Since my students have known me since September, there was a base-level of rapport that I had established. They knew that I am approachable and fun, yet I have high expectations. By building on this foundation, I was able to incorporate high-energy activities and lessons into the classroom without running the risk of the students’ being unaware of my expectations of them.

One of the many lessons from this week involved creating a puzzle piece representing what “community” means to each student. Next week, we will be beginning our novel study of “The Giver”, which is based around the good and bad aspects of a community. With the completed puzzle pieces, I created the following bulletin board for everyone in the school to view:


IMG_6763On Friday, I had the opportunity to go to my first ever Professional Development (PD) day! And what a PD day to have as my first experience… All 3000 educators from the Ottawa-Carleton District School Board were in attendance! The highlight of the day for me was listening to Michael Landsberg (TSN’s Off The Record) give his keynote address. Lansberg spoke publicly about his personal battle with depression in an attempt to help reduce the stigma of mental illness. I’ve always seen him as the Bell Let’s Talk ambassador, but listening to him in person was incredible.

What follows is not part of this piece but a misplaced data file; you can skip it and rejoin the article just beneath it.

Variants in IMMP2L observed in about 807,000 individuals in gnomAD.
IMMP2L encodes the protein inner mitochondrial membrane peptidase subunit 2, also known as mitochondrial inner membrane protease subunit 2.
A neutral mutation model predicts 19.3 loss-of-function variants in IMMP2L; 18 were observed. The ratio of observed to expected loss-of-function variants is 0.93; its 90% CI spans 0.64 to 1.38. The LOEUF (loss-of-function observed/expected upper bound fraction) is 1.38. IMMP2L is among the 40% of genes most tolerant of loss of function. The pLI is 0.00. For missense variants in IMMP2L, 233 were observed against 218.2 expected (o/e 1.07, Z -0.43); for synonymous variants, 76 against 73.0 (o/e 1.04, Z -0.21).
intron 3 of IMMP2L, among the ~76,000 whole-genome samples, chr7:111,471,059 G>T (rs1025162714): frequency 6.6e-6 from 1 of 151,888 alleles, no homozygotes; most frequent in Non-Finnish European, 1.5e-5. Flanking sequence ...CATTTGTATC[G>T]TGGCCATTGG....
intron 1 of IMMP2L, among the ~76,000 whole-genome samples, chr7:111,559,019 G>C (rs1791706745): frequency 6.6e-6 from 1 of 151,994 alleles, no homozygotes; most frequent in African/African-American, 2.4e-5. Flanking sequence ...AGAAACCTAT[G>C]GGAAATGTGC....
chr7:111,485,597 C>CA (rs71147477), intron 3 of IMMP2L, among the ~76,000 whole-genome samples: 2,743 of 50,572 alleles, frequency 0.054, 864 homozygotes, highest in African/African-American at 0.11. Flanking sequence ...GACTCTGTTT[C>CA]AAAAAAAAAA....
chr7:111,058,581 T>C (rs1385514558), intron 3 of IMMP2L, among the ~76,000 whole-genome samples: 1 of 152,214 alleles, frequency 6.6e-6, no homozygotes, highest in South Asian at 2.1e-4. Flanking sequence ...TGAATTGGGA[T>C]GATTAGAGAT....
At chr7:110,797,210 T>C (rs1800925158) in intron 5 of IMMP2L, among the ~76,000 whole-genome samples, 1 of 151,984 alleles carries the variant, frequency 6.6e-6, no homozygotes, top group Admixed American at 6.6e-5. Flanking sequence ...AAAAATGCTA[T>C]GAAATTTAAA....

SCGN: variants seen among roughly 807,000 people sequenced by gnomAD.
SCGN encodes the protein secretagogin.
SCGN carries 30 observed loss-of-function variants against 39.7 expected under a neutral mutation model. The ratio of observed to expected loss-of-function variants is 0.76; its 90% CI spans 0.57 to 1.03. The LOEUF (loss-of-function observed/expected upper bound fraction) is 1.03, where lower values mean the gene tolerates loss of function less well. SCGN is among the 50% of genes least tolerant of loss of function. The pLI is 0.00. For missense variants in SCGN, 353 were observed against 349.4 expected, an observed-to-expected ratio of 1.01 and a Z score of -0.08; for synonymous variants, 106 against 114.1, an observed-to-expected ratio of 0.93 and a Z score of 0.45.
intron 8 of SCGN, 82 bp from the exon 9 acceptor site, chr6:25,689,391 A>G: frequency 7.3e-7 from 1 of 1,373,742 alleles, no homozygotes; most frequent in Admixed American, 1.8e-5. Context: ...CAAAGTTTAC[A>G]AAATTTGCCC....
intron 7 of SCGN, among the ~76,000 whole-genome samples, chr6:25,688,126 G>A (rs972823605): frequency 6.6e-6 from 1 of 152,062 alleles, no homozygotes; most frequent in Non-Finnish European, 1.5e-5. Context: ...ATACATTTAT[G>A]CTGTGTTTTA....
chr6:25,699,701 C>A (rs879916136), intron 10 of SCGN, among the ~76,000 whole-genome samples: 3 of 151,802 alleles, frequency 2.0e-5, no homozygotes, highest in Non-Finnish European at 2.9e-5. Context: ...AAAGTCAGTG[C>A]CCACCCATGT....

This week was definitely a transition for me and my students, but I can only expect next week to be even better!

December 18

1 Year and Counting…

Happy 1 year of blogging to SpencerBurton.ca!

A lot has happened since I started up this website: I got accepted to uOttawa for a Bachelor of Education, I graduated from Wilfrid Laurier University with a Bachelor of Arts in Honours Psychology, and I officially began my journey of becoming a teacher. With all of those milestones comes many moments of learning, and since this website is focused on “learning about learning”, I figured I would share some things that I learned with you all.

1 Year

  1. Teaching is a lifestyle; it must be something that is in the back of your mind at all times. I can’t even go to the dollar store anymore without thinking of a teachable moment for everything I pick up.
  2. There’s a lot more to the field of education that I could have ever imagined. Students, the system, curriculum, and teaching methods are topics that only scratch the surface of the magnitude of education.
  3. First Nations, Inuit, and Metis communities are an important aspect of Canada’s education system. These cultures must be represented and emphasized in our lessons.
  4. It’s not always easy keeping up with blogging. Thankfully, some of my classes have me writing blog posts which keeps me up to date on reviewing and commenting on education-related topics.
  5. It’s a challenge going from a lecture-oriented education system (university) back into a student-centered learning environment (elementary school).
  6. Making students want to learn is just as important, if not more, than what they are learning.
  7. Classroom management is a huge part of teaching, more than I ever expected.
  8. The more you can make learning fun for the students, the more they will be engaged and retain what is being taught.
  9. Learning about teaching allows me to reflect on my previous teachers and what they did that was either extraordinary or lackluster.
  10. Teaching is most definitely still my dream job!

Thank you for following me on this journey for the past year. Here’s to many more years of learning about learning!